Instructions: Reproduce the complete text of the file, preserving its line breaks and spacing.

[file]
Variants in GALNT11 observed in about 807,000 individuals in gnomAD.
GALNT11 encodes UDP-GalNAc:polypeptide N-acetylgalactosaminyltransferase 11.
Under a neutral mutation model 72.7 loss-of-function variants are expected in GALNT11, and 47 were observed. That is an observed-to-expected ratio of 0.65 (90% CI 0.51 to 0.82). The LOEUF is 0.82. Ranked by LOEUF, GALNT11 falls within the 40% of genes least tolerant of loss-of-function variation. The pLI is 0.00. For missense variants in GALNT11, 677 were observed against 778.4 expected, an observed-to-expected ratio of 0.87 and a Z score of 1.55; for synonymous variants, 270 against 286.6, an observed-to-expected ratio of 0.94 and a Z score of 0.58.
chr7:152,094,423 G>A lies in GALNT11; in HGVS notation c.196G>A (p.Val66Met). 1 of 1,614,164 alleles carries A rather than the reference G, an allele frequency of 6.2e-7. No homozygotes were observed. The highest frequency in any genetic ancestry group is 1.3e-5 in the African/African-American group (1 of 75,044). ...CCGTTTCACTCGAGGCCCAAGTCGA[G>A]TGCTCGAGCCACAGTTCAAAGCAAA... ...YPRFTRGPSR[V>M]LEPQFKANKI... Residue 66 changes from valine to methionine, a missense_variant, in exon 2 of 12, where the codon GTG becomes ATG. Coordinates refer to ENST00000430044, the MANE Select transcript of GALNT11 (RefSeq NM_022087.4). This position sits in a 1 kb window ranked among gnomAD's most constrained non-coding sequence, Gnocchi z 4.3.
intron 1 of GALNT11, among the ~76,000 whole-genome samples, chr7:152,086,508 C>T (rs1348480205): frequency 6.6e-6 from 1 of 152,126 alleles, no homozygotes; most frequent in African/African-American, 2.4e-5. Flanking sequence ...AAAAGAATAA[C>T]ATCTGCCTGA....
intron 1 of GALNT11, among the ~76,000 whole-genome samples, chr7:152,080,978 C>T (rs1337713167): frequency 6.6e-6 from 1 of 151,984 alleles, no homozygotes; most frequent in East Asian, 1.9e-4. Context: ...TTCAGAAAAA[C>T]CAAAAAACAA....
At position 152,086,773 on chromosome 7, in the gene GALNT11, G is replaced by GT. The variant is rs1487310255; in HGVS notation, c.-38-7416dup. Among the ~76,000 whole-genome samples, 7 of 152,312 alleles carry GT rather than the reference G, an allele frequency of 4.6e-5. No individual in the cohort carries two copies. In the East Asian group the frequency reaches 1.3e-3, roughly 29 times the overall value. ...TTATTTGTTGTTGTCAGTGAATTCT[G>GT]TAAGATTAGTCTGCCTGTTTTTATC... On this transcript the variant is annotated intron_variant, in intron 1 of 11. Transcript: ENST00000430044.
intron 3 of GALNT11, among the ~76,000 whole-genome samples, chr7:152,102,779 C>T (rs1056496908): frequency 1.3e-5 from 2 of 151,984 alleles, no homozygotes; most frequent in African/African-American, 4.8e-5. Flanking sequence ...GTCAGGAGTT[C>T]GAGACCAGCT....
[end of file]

Variants in GALNT11 observed in about 807,000 individuals in gnomAD.
GALNT11 encodes UDP-GalNAc:polypeptide N-acetylgalactosaminyltransferase 11.
Under a neutral mutation model 72.7 loss-of-function variants are expected in GALNT11, and 47 were observed. That is an observed-to-expected ratio of 0.65 (90% CI 0.51 to 0.82). The LOEUF is 0.82. Ranked by LOEUF, GALNT11 falls within the 40% of genes least tolerant of loss-of-function variation. The pLI is 0.00. For missense variants in GALNT11, 677 were observed against 778.4 expected, an observed-to-expected ratio of 0.87 and a Z score of 1.55; for synonymous variants, 270 against 286.6, an observed-to-expected ratio of 0.94 and a Z score of 0.58.
chr7:152,094,423 G>A lies in GALNT11; in HGVS notation c.196G>A (p.Val66Met). 1 of 1,614,164 alleles carries A rather than the reference G, an allele frequency of 6.2e-7. No homozygotes were observed. The highest frequency in any genetic ancestry group is 1.3e-5 in the African/African-American group (1 of 75,044). ...CCGTTTCACTCGAGGCCCAAGTCGA[G>A]TGCTCGAGCCACAGTTCAAAGCAAA... ...YPRFTRGPSR[V>M]LEPQFKANKI... Residue 66 changes from valine to methionine, a missense_variant, in exon 2 of 12, where the codon GTG becomes ATG. Coordinates refer to ENST00000430044, the MANE Select transcript of GALNT11 (RefSeq NM_022087.4). This position sits in a 1 kb window ranked among gnomAD's most constrained non-coding sequence, Gnocchi z 4.3.
intron 1 of GALNT11, among the ~76,000 whole-genome samples, chr7:152,086,508 C>T (rs1348480205): frequency 6.6e-6 from 1 of 152,126 alleles, no homozygotes; most frequent in African/African-American, 2.4e-5. Flanking sequence ...AAAAGAATAA[C>T]ATCTGCCTGA....
intron 1 of GALNT11, among the ~76,000 whole-genome samples, chr7:152,080,978 C>T (rs1337713167): frequency 6.6e-6 from 1 of 151,984 alleles, no homozygotes; most frequent in East Asian, 1.9e-4. Context: ...TTCAGAAAAA[C>T]CAAAAAACAA....
At position 152,086,773 on chromosome 7, in the gene GALNT11, G is replaced by GT. The variant is rs1487310255; in HGVS notation, c.-38-7416dup. Among the ~76,000 whole-genome samples, 7 of 152,312 alleles carry GT rather than the reference G, an allele frequency of 4.6e-5. No individual in the cohort carries two copies. In the East Asian group the frequency reaches 1.3e-3, roughly 29 times the overall value. ...TTATTTGTTGTTGTCAGTGAATTCT[G>GT]TAAGATTAGTCTGCCTGTTTTTATC... On this transcript the variant is annotated intron_variant, in intron 1 of 11. Transcript: ENST00000430044.
intron 3 of GALNT11, among the ~76,000 whole-genome samples, chr7:152,102,779 C>T (rs1056496908): frequency 1.3e-5 from 2 of 151,984 alleles, no homozygotes; most frequent in African/African-American, 4.8e-5. Flanking sequence ...GTCAGGAGTT[C>T]GAGACCAGCT....